Saturday, June 22, 2013

On Hearing Voices

You've had a number of teachers, many of whom resonate for you to this very day.  You needed to listen with care before you were ready for a mentor, and even when you had one, who resonates within you to this very day, you did not think of her as a mentor until she told you she heard voices, then asked you if you heard voices.

By this time, you cared enough about her and the influence she was having on you and the influence you expected she would continue to exert, that you began to worry something might be lacking in you because you did not hear voices.  When you spoke to her of this, she assured you that there were those who saw visions.

Seeing things or hearing them were on a par; neither was better than the other any more than being right- or left-handed was better.  Some situations were reducible to a simple either or an other.

You had a writer friend who confessed that he saw things on a screen within his head, a small, TV-like screen where his characters moved about and spoke.  All he needed to do was describe what they were doing.  You were several years away from recognizing that his writing was, in fact, descriptive as opposed to a more internal focus.

At this time, you began a series of doubt experiences, fearful because you neither heard nor saw.  Once again, your mentor reassured you with questions, wanting to know where the words and feelings began when you composed.  You explained to her that perhaps you were the third possibility, one who felt.  You were neither aware of voice or picture; the material emerged.

Ah, Rachel told you.  That makes you a hearer.  You go home and write.  Listen carefully.  You did, but because you were self-conscious, nothing came out for a number of days, during which you mostly sat, staring at your typewriter, daring a sound or vision to appear.

In time, you were approached by a concept for a story, amused by it, thinking of the actor, Sheldon Leonard, a frequent regular on the Jack Benny show, his voice sounding like an archetypal, Damon Runyon-esque gangster or con man.  Hey, bud, the story said.  Got something I wanna show you.

The next time you saw Rachel, you were able to tell her about the experience, so relieved at having one or the other, a sound or a vision, that you forgot to be embarrassed by your late awareness of process.  That was then, back in time, during the days of radio and television, and typewriters.

This is now. If you listen to a place long enough and with focus, it will begin to speak.  The longer you listen, and the more focus you apply, the more the place will begin to speak to you.The place will start by giving you a sample of itself during various stages of the day and its potential inhabitants or inner forces and mechanisms.  Even now, with vast improvements in your eyesight, which you never considered flawed or faulty,  thanks to cataract surgery, you see without contact lenses better than you were able to see with them.  This refreshed or revised sense of vision adds dimension to your hearing places as they describe themselves to you.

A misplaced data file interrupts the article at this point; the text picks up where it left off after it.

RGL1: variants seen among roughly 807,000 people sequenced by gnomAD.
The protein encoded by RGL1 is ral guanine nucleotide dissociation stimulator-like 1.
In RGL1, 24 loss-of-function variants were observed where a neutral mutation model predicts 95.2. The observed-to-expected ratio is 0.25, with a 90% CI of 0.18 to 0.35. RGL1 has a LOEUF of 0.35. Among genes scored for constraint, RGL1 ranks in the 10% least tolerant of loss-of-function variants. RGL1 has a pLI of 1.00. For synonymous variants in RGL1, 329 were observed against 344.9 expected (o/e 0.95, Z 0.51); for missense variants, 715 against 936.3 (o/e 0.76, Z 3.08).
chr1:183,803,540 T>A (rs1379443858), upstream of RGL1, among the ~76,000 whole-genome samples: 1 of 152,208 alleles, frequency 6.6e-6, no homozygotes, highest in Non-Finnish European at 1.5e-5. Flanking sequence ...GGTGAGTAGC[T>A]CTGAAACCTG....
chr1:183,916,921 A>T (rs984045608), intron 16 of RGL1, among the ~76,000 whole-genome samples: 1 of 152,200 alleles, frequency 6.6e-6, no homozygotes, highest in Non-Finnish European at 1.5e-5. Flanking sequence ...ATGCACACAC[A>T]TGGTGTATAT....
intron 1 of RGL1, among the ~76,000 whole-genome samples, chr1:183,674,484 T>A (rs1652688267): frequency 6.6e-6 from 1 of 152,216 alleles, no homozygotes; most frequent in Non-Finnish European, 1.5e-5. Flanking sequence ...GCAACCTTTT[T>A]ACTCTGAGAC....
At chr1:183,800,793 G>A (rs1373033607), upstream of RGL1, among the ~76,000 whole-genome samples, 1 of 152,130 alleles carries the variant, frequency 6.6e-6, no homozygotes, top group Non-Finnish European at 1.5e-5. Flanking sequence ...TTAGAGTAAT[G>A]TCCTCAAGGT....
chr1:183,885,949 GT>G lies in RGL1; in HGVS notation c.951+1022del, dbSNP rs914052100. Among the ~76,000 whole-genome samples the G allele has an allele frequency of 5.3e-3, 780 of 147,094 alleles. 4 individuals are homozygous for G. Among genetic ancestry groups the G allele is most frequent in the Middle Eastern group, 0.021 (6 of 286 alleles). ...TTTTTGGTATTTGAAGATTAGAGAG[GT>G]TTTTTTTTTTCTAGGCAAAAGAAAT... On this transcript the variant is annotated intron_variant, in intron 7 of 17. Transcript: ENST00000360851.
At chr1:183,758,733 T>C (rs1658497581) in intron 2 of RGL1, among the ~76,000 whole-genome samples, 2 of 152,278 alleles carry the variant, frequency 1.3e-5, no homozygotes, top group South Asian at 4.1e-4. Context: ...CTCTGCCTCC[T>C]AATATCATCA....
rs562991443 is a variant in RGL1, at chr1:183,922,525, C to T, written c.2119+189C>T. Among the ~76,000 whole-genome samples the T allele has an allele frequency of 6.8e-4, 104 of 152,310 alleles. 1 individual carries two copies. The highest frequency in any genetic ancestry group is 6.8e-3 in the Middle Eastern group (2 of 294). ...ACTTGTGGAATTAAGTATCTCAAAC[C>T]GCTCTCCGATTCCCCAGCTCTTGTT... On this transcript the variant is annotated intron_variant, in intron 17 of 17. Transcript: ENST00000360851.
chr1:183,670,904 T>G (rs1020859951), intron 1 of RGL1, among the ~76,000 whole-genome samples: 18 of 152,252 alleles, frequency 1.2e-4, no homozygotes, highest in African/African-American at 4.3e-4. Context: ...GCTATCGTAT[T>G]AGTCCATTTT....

You contemplate further and the place begins to cooperate with you, giving you hints of how a particular character would relate to it.  The beginning is in your awareness that place has a personality.  There may be considerable sophistry in your concept of hearing the place.  There may be equal sophistry in your belief you can hear or read your own characters, who are, of course, your creations, your Golems, made from mud and myth, and need to combat forces of stasis and intimidation.

There may be considerable sophistry in your quasi-anthropomorphising if surroundings, of inanimate things such as rocks, mountains, deserts, oceans.  Not to forget attributing human qualities to animals.  In the true tradition of fiction being enhanced and exacerbated reality, there may be sophistry as well in your reading of humankind and a reductionism in your use of tides, lunar and oceanic, as a metric for the behavior of segments of humanity.

In metaphor, you may have come forth all these years, written these millions of words in search of your craft, only to be at the place you were before your mentor, amazed at her ability to hear voices, her ability to bring characters to life on the page, still unable to define the how and why of the way you intuit and form person, place, and thing for your stories and essays.  In actuality, you may have only made a slight dent in the surface of understanding your passion and the focus on story your passion has given you.

If so, you are much more grateful than frustrated or saddened.  You still have the voices of all the persons, places, and things you experienced, and your awareness of them speaking.  And the time to listen.

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